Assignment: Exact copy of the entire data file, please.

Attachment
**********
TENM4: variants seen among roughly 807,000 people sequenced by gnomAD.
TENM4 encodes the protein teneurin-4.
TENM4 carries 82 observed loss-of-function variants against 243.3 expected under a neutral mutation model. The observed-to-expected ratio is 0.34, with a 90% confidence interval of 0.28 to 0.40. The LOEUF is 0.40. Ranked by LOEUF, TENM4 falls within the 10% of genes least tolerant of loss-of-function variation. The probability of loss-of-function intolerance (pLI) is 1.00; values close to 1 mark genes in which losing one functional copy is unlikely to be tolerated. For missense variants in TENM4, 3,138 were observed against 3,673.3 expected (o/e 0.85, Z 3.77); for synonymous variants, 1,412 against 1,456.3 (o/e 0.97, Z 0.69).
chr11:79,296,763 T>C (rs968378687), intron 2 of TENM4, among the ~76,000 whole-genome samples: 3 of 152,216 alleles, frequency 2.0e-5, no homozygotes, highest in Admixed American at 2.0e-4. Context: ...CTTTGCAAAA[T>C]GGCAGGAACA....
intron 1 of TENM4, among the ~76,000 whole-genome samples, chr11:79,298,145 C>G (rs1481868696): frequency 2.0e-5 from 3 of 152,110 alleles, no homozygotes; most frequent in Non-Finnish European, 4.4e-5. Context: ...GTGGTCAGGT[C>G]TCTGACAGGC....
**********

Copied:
TENM4: variants seen among roughly 807,000 people sequenced by gnomAD.
TENM4 encodes the protein teneurin-4.
TENM4 carries 82 observed loss-of-function variants against 243.3 expected under a neutral mutation model. The observed-to-expected ratio is 0.34, with a 90% confidence interval of 0.28 to 0.40. The LOEUF is 0.40. Ranked by LOEUF, TENM4 falls within the 10% of genes least tolerant of loss-of-function variation. The probability of loss-of-function intolerance (pLI) is 1.00; values close to 1 mark genes in which losing one functional copy is unlikely to be tolerated. For missense variants in TENM4, 3,138 were observed against 3,673.3 expected (o/e 0.85, Z 3.77); for synonymous variants, 1,412 against 1,456.3 (o/e 0.97, Z 0.69).
chr11:79,296,763 T>C (rs968378687), intron 2 of TENM4, among the ~76,000 whole-genome samples: 3 of 152,216 alleles, frequency 2.0e-5, no homozygotes, highest in Admixed American at 2.0e-4. Context: ...CTTTGCAAAA[T>C]GGCAGGAACA....
intron 1 of TENM4, among the ~76,000 whole-genome samples, chr11:79,298,145 C>G (rs1481868696): frequency 2.0e-5 from 3 of 152,110 alleles, no homozygotes; most frequent in Non-Finnish European, 4.4e-5. Context: ...GTGGTCAGGT[C>G]TCTGACAGGC....